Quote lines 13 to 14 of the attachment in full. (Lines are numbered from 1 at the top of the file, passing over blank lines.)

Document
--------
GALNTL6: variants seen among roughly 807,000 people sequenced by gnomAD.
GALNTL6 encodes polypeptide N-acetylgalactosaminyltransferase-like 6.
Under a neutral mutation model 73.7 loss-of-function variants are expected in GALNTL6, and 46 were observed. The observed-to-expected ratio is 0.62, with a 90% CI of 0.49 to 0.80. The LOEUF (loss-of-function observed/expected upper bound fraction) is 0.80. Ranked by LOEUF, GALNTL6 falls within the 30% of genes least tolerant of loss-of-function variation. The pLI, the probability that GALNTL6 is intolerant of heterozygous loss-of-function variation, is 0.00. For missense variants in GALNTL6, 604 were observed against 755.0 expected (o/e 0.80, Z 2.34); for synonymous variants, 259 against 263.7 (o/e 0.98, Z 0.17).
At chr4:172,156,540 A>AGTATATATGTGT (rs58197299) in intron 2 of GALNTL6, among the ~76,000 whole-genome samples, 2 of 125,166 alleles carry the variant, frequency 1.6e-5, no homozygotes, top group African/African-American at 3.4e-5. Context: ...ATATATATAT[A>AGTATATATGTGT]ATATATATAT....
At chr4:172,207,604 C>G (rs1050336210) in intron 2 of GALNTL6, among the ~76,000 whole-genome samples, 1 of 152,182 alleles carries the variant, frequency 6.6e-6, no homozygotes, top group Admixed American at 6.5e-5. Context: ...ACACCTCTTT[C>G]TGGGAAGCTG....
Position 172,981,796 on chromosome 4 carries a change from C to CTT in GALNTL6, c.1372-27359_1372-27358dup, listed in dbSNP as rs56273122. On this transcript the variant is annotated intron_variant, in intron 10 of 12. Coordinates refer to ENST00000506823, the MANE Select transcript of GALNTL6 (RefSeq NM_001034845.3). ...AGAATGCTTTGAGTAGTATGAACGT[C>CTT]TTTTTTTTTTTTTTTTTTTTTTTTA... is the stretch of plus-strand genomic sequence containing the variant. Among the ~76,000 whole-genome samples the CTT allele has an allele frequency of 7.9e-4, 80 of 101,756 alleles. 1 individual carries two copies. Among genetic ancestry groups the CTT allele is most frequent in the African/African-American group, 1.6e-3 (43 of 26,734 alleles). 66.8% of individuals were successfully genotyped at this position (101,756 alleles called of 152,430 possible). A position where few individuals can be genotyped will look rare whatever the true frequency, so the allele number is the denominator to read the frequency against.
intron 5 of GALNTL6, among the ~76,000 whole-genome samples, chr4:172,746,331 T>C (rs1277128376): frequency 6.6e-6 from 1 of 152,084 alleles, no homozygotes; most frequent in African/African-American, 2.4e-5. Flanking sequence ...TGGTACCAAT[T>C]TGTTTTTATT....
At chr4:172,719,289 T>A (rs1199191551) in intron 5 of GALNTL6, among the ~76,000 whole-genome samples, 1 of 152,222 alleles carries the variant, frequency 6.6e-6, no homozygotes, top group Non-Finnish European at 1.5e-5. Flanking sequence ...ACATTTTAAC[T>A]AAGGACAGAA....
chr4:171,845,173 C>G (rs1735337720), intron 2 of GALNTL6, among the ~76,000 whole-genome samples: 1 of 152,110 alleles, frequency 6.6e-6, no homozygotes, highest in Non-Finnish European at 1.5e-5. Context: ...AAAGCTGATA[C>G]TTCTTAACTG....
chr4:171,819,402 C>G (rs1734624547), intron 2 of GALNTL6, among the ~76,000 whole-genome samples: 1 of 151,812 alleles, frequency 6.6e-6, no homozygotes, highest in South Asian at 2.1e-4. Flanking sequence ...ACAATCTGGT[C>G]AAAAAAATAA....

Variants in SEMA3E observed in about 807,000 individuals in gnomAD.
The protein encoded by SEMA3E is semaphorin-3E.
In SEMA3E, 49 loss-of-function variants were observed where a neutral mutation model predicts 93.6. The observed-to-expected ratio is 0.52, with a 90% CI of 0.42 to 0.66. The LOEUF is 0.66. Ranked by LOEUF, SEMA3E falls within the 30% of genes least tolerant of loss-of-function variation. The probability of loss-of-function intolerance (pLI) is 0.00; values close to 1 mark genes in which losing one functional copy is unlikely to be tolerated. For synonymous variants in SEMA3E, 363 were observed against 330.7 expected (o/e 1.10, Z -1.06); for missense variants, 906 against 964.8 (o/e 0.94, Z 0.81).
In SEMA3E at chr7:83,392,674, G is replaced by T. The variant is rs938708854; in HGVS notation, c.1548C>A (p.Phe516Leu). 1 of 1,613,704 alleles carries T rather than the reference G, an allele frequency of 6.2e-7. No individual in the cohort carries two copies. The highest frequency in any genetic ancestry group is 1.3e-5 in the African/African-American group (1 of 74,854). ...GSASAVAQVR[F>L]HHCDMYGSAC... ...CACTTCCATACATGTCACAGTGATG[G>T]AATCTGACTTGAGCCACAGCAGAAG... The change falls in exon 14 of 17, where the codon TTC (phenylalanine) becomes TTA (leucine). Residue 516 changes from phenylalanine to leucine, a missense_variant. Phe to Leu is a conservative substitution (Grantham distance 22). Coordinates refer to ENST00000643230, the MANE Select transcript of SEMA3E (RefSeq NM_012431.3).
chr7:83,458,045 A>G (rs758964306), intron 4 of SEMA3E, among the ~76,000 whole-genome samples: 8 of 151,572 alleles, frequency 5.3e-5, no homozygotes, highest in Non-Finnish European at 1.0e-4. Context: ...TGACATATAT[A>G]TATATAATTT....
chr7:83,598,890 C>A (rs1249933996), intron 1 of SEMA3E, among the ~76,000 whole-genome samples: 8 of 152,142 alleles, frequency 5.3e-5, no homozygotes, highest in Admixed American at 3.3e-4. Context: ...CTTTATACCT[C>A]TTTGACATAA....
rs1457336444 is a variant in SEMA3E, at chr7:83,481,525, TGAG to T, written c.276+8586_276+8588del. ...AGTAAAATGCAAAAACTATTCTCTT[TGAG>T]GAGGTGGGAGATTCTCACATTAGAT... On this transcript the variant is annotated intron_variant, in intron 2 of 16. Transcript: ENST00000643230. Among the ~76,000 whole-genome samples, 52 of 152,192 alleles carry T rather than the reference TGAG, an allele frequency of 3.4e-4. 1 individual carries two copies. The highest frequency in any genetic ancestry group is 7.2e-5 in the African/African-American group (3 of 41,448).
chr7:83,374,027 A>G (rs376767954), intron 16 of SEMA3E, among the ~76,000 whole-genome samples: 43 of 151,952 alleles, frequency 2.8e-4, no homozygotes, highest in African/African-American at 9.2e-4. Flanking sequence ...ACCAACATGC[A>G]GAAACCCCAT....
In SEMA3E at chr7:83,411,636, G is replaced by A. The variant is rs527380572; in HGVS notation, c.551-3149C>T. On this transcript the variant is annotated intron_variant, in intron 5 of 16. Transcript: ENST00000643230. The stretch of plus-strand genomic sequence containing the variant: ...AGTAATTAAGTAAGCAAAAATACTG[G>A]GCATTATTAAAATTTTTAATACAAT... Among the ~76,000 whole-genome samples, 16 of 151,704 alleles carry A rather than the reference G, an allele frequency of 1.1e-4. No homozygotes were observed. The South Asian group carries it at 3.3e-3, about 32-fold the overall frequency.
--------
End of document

In SEMA3E, 49 loss-of-function variants were observed where a neutral mutation model predicts 93.6. The observed-to-expected ratio is 0.52, with a 90% CI of 0.42 to 0.66. The LOEUF is 0.66. Ranked by LOEUF, SEMA3E falls within the 30% of genes least tolerant of loss-of-function variation. The probability of loss-of-function intolerance (pLI) is 0.00; values close to 1 mark genes in which losing one functional copy is unlikely to be tolerated. For synonymous variants in SEMA3E, 363 were observed against 330.7 expected (o/e 1.10, Z -1.06); for missense variants, 906 against 964.8 (o/e 0.94, Z 0.81).
In SEMA3E at chr7:83,392,674, G is replaced by T. The variant is rs938708854; in HGVS notation, c.1548C>A (p.Phe516Leu). 1 of 1,613,704 alleles carries T rather than the reference G, an allele frequency of 6.2e-7. No individual in the cohort carries two copies. The highest frequency in any genetic ancestry group is 1.3e-5 in the African/African-American group (1 of 74,854). ...GSASAVAQVR[F>L]HHCDMYGSAC... ...CACTTCCATACATGTCACAGTGATG[G>T]AATCTGACTTGAGCCACAGCAGAAG... The change falls in exon 14 of 17, where the codon TTC (phenylalanine) becomes TTA (leucine). Residue 516 changes from phenylalanine to leucine, a missense_variant. Phe to Leu is a conservative substitution (Grantham distance 22). Coordinates refer to ENST00000643230, the MANE Select transcript of SEMA3E (RefSeq NM_012431.3).